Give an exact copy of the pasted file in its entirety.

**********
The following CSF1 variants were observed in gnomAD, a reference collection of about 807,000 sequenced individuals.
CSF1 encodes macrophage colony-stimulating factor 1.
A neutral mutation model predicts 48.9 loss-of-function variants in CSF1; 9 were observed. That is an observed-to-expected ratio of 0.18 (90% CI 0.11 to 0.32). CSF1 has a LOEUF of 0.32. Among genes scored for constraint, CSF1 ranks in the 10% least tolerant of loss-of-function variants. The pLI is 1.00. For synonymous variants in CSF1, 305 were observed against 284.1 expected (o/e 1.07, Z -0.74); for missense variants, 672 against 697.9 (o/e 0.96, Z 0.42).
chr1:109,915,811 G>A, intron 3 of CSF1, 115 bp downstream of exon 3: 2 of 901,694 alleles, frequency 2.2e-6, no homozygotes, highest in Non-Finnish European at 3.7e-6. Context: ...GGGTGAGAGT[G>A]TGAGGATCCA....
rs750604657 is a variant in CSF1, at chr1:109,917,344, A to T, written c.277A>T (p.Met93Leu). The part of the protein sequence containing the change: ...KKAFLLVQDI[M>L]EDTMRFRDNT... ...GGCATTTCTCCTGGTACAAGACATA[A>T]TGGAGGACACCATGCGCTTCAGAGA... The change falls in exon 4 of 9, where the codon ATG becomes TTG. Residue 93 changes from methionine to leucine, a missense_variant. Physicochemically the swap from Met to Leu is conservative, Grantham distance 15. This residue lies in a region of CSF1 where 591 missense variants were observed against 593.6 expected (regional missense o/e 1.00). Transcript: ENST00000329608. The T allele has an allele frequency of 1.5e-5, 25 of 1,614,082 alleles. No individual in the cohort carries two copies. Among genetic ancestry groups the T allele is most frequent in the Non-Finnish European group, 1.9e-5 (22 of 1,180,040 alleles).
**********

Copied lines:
The following CSF1 variants were observed in gnomAD, a reference collection of about 807,000 sequenced individuals.
CSF1 encodes macrophage colony-stimulating factor 1.
A neutral mutation model predicts 48.9 loss-of-function variants in CSF1; 9 were observed. That is an observed-to-expected ratio of 0.18 (90% CI 0.11 to 0.32). CSF1 has a LOEUF of 0.32. Among genes scored for constraint, CSF1 ranks in the 10% least tolerant of loss-of-function variants. The pLI is 1.00. For synonymous variants in CSF1, 305 were observed against 284.1 expected (o/e 1.07, Z -0.74); for missense variants, 672 against 697.9 (o/e 0.96, Z 0.42).
chr1:109,915,811 G>A, intron 3 of CSF1, 115 bp downstream of exon 3: 2 of 901,694 alleles, frequency 2.2e-6, no homozygotes, highest in Non-Finnish European at 3.7e-6. Context: ...GGGTGAGAGT[G>A]TGAGGATCCA....
rs750604657 is a variant in CSF1, at chr1:109,917,344, A to T, written c.277A>T (p.Met93Leu). The part of the protein sequence containing the change: ...KKAFLLVQDI[M>L]EDTMRFRDNT... ...GGCATTTCTCCTGGTACAAGACATA[A>T]TGGAGGACACCATGCGCTTCAGAGA... The change falls in exon 4 of 9, where the codon ATG becomes TTG. Residue 93 changes from methionine to leucine, a missense_variant. Physicochemically the swap from Met to Leu is conservative, Grantham distance 15. This residue lies in a region of CSF1 where 591 missense variants were observed against 593.6 expected (regional missense o/e 1.00). Transcript: ENST00000329608. The T allele has an allele frequency of 1.5e-5, 25 of 1,614,082 alleles. No individual in the cohort carries two copies. Among genetic ancestry groups the T allele is most frequent in the Non-Finnish European group, 1.9e-5 (22 of 1,180,040 alleles).